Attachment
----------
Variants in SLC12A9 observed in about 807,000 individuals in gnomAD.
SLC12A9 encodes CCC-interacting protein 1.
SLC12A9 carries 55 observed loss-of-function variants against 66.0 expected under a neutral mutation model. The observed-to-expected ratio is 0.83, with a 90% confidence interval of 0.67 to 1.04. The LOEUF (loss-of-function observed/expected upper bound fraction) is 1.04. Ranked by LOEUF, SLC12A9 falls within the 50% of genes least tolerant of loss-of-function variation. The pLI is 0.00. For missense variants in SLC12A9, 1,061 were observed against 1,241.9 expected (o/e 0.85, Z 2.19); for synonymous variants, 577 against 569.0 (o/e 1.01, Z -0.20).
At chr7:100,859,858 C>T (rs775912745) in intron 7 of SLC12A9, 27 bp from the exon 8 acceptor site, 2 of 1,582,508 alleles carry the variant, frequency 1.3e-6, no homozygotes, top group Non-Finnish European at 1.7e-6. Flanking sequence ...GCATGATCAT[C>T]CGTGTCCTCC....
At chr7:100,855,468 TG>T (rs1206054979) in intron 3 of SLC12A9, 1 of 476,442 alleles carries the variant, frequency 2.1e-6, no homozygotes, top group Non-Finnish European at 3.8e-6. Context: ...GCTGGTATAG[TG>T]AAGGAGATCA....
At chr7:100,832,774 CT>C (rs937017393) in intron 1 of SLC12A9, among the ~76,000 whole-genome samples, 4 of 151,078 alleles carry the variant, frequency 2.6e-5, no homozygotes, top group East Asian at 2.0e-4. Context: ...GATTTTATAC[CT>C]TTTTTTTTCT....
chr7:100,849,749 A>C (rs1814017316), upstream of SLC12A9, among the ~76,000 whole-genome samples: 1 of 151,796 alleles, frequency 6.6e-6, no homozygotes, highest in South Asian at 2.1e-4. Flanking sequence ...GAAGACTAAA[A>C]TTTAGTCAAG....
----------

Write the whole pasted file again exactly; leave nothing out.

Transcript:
Variants in SLC12A9 observed in about 807,000 individuals in gnomAD.
SLC12A9 encodes CCC-interacting protein 1.
SLC12A9 carries 55 observed loss-of-function variants against 66.0 expected under a neutral mutation model. The observed-to-expected ratio is 0.83, with a 90% confidence interval of 0.67 to 1.04. The LOEUF (loss-of-function observed/expected upper bound fraction) is 1.04. Ranked by LOEUF, SLC12A9 falls within the 50% of genes least tolerant of loss-of-function variation. The pLI is 0.00. For missense variants in SLC12A9, 1,061 were observed against 1,241.9 expected (o/e 0.85, Z 2.19); for synonymous variants, 577 against 569.0 (o/e 1.01, Z -0.20).
At chr7:100,859,858 C>T (rs775912745) in intron 7 of SLC12A9, 27 bp from the exon 8 acceptor site, 2 of 1,582,508 alleles carry the variant, frequency 1.3e-6, no homozygotes, top group Non-Finnish European at 1.7e-6. Flanking sequence ...GCATGATCAT[C>T]CGTGTCCTCC....
At chr7:100,855,468 TG>T (rs1206054979) in intron 3 of SLC12A9, 1 of 476,442 alleles carries the variant, frequency 2.1e-6, no homozygotes, top group Non-Finnish European at 3.8e-6. Context: ...GCTGGTATAG[TG>T]AAGGAGATCA....
At chr7:100,832,774 CT>C (rs937017393) in intron 1 of SLC12A9, among the ~76,000 whole-genome samples, 4 of 151,078 alleles carry the variant, frequency 2.6e-5, no homozygotes, top group East Asian at 2.0e-4. Context: ...GATTTTATAC[CT>C]TTTTTTTTCT....
chr7:100,849,749 A>C (rs1814017316), upstream of SLC12A9, among the ~76,000 whole-genome samples: 1 of 151,796 alleles, frequency 6.6e-6, no homozygotes, highest in South Asian at 2.1e-4. Flanking sequence ...GAAGACTAAA[A>C]TTTAGTCAAG....